The US Food and Drug Administration (FDA) recently released a new draft document intended to guide medical device manufacturers who are using additive manufacturing methods in the design and construction of their products. The new document is only a set of initial guidelines, but the conditional green light from the FDA will likely encourage more device manufacturers to explore what can be done with this new technology.
Flexible, Quickly-Advancing Technology
Additive manufacturing is more casually known as 3D printing. Small printers are available at surprisingly affordable prices for consumers to buy and use at home to build anything they can get (or draw up) blueprints for. NASA even has a 3D printer installed on the International Space Station so that astronauts can print out specialized tools when they need them, instead of waiting for a rocket to arrive with the nuts and bolts they need. It’s a very flexible technology that can build almost anything a person can design, and that has inspired many innovators in the medical devices industry.
Currently, medical devices used inside the human body aren’t generally custom-made for each unique individual. New hip and knee joints, for example, may come in a small array of sizes, and the surgeon selects a model that is the closest fit for the patient. This can be a problem when devices aren’t easily available in the necessary sizes – for example, tiny devices for pediatric patients. 3D printing technology allows device manufacturers to customize their devices, often using high-tech medical imaging to design perfect matches for a person’s anatomy.
The FDA guidance document (PDF link) for additive manufacturing, published in May 2016, isn’t legally binding; it isn’t a set of federal regulations that manufacturers must adhere to or risk sanctions. It’s what they call a “leap-frog” document, outlining the agency’s initial thoughts and concerns on the subject. With technology moving so quickly, the FDA relies on drafts and leap-frog guidance in order to give manufacturers interim guidelines to follow.
Safety and Standardization
The current guidance document was drafted with the input of various stakeholders in the medical device industry. A 2014 FDA workshop on additive manufacturing collected opinions and expertise from academics, device manufacturers, and physicians. The attendees weighed in on the quality and safety of the materials involved in 3D printing, as well as the design, printing, and post-printing validation and assessment of the physical and mechanical properties of the final devices. Perhaps most importantly, they discussed the biological impact of 3D-printed medical devices.
Because of the “relative lack of medical device history” behind 3D-printed medical devices, they carry an uncertain amount of patient risk. It is important that device manufacturers assess the biocompatibility of the materials they are using, especially as the technology advances and some manufacturers explore the addition of antimicrobial agents to the materials they print with.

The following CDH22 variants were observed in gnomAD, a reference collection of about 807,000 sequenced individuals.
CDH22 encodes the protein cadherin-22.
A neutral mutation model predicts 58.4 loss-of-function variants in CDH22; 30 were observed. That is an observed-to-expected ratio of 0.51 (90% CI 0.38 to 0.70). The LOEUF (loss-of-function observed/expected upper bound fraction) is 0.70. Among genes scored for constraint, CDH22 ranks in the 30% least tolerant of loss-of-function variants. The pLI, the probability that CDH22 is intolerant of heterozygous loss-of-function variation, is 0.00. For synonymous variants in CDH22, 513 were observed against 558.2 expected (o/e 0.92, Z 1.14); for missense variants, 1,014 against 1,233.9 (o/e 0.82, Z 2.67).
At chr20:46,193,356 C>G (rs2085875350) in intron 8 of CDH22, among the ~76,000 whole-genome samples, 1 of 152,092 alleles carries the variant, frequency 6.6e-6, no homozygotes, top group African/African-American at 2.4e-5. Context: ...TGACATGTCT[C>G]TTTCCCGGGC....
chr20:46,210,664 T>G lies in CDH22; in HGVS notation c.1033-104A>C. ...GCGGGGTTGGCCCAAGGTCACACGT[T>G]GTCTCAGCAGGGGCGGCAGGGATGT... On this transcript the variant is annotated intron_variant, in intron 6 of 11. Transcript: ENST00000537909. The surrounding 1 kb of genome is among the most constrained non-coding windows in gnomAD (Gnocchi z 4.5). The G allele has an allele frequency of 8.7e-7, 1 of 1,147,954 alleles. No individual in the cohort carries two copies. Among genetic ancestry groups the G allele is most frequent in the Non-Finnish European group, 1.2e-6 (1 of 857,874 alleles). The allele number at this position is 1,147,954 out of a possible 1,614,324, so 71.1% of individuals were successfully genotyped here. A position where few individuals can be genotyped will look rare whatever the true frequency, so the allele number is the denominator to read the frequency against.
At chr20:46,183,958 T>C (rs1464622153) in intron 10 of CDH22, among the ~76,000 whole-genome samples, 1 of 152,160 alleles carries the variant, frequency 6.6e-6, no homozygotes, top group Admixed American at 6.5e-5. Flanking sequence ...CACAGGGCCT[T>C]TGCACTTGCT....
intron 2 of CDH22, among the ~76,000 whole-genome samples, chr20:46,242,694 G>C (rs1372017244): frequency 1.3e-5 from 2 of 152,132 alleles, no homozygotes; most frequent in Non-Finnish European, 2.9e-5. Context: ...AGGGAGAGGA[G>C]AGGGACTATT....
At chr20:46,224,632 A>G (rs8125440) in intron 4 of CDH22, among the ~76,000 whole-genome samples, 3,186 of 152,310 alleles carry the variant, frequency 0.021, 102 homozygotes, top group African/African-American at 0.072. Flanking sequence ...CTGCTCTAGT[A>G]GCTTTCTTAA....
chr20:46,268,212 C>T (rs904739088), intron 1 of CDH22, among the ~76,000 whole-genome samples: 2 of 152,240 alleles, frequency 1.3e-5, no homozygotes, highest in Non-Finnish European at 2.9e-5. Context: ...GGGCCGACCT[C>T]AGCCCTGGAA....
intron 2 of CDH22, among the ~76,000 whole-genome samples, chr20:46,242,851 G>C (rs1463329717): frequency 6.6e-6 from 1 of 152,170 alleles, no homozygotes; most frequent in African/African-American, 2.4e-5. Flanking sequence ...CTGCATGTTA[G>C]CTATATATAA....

It’s also essential that manufacturers test their original device design in order to know which parameters can be modified and customized for individuals and which are essential to the correct function of the device. It might seem that a custom-fit sternum designed for a patient’s chest would be better than trimming the patient’s ribs to make space for an off-the-shelf model, but if changing its thickness and size compromises its integrity and lessens its function, perhaps the patient isn’t better off with the custom device.
Through this draft document, the FDA hopes to standardize the industry somewhat by outlining what quality systems a manufacturer must have in place before developing and implementing design processes. While the devices themselves may all be different, the processes behind their design and construction and the way that their risks are assessed should be the same across the board.
Biological 3D Printing Needs A Closer Look
3D printers don’t only build with plastic and metals. Researchers all over the world are working towards printing entire replacement organs using a matrix of living cells. Unfortunately for those companies who might want to get started 3D printing skin grafts and coronary arteries, the FDA has decided to delay publishing specific guidance for that particular subset of the technology, saying, “Biological, cellular or tissue-based products manufactured using [3D printing] technology may necessitate additional regulatory and manufacturing process considerations and/or different regulatory pathways.”
The FDA, for now, is referring questions about biological 3D printing of tissues and organs to the Center for Biologics Evaluation and Research (CBER).